Once again this month we revisit the issue of climate change and the potential impact on the people of Bangladesh. We make no apology for our continued banging of this particular drum, as climate change is already one of the biggest crises facing the nation and there can be no doubt that in the years to come that this will become more and more evident.
The problem with climate change is that it exacerbates all the other crises that we face in the country. Whether we are talking about food security or environmental pollution or runaway population, all these problems, bad enough as they are today, are made exponentially worse by climate change.
It is hard to pinpoint just how much of the current environmental devastation that we are suffering can be laid at the door of climate change. There are floods and cyclones and all the associated problems: riverbank erosion, increased salinity of cropland, less land to farm and live on, etc. How much can be attributed to factors such as up-river deforestation and our own encroachment of the river-bed and banks, and how much can be attributed to man-made climate change is an open question.
But there can be no question that fossil fuel emissions are causing serious climactic changes and the consequences for Bangladesh are potentially catastrophic.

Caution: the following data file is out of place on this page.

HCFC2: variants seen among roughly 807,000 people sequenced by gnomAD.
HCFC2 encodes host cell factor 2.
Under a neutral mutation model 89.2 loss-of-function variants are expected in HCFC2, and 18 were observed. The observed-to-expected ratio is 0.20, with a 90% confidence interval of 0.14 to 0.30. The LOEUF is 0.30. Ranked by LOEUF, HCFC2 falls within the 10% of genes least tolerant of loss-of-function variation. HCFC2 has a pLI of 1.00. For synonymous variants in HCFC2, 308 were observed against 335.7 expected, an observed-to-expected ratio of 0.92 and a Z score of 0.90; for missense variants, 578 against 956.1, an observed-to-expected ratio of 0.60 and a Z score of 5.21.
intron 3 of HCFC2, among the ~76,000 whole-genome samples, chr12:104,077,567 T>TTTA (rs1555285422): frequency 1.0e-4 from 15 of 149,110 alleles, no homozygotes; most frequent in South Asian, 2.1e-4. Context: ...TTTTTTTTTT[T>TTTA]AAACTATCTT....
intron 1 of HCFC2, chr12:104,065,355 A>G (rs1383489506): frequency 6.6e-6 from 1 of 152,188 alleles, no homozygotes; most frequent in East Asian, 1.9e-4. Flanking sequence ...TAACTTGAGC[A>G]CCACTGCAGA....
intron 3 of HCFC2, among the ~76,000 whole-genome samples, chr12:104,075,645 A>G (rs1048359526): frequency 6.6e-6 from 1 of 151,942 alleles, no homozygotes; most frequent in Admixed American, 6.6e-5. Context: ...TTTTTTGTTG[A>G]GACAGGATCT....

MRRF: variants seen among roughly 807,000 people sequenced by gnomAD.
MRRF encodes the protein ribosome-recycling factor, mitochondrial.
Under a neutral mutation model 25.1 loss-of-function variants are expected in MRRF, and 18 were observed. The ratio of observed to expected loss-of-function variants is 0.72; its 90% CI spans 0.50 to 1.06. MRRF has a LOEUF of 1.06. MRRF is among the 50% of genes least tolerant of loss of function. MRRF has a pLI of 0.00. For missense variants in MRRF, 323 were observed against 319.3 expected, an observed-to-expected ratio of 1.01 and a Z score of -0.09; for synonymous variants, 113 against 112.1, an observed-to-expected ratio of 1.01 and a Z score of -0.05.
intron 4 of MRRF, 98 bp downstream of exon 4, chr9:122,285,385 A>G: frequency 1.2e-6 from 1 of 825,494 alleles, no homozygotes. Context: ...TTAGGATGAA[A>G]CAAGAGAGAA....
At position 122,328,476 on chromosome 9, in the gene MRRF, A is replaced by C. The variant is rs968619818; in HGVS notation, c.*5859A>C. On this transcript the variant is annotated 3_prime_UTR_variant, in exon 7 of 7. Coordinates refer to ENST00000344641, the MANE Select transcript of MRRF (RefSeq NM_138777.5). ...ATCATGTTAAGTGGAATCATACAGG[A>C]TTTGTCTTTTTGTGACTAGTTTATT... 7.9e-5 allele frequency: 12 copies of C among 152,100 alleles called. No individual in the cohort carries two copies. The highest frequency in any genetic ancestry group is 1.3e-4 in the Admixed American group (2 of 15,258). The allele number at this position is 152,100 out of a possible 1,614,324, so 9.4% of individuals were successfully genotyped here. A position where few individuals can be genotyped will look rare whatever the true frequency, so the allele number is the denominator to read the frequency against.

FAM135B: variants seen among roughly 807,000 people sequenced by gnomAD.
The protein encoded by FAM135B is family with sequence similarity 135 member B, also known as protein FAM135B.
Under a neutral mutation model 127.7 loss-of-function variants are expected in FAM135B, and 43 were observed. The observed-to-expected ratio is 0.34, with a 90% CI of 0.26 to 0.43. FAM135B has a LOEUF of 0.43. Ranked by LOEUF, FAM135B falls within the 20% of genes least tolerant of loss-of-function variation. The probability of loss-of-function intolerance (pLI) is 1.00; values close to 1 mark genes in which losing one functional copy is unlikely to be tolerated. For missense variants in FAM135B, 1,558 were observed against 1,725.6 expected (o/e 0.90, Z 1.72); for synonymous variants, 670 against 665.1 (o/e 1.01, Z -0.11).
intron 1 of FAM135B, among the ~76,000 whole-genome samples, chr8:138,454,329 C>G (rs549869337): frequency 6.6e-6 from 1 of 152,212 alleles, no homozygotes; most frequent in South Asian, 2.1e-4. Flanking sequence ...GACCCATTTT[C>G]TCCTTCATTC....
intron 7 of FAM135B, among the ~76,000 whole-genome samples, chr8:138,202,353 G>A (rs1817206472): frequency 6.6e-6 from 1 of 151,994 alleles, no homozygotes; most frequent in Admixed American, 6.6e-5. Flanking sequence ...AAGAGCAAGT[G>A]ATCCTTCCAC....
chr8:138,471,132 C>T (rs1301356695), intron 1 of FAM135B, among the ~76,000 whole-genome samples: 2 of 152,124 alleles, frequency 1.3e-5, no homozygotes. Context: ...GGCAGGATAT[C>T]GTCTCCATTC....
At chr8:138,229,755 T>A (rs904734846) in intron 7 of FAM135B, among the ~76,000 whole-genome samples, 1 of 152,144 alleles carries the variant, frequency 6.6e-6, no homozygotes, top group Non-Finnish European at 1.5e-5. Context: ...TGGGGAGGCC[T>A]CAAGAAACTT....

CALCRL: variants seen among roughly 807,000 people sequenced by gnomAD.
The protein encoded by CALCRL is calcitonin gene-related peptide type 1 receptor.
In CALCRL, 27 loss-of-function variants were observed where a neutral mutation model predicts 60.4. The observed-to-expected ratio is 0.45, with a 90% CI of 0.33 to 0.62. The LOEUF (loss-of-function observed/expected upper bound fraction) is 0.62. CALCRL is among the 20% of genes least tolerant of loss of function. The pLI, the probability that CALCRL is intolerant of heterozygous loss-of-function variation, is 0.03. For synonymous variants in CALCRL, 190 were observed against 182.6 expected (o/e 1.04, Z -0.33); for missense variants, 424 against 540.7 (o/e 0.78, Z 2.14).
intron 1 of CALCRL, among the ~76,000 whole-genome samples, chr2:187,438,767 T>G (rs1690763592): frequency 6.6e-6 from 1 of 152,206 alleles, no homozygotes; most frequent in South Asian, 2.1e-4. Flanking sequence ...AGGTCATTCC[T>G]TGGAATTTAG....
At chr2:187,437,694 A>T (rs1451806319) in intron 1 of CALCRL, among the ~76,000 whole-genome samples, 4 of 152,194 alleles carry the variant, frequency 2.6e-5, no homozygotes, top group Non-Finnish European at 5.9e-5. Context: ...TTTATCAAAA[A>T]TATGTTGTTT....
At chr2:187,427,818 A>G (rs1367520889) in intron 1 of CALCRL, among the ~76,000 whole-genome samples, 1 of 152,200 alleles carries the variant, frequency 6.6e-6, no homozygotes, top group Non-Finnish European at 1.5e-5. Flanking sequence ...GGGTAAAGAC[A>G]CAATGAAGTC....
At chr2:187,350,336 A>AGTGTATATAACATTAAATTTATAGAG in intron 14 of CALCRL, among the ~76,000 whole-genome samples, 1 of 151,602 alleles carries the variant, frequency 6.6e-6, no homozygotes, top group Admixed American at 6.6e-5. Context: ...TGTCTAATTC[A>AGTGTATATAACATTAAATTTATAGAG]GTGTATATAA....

So what can we do and what should others do? Here, we attempt to add ballast to the debate. There are lone voices warning of the coming crisis here and there in Bangladesh, but the truth is that we do not have anything approaching a climate change policy. The steps taken to minimise environmental damage and its consequences are pretty insignificant; the steps taken to address the fallout caused by climate change are non-existent.
This is not just our problem. It is the world's problem. In the first place, it is the rest of the world that has created the crisis, not us. In the second, climate change-induced rising sea levels will trigger a massive humanitarian crisis and/or tens of millions of Bangladeshis fleeing our receding shores for safer ground. Neither is a happy prospect, and we hope that the developed world acknowledges its complicity and accepts its responsibility to ameliorate the effects of climate change on countries such as Bangladesh
But what we are hoping for is that this issue of Forum, by concentrating our minds, will help Bangladeshis to start to focus on what we can do alleviate the fall-out from climate change. There is little we can do to prevent its effects, but there is surely much we can do to address its negative consequences.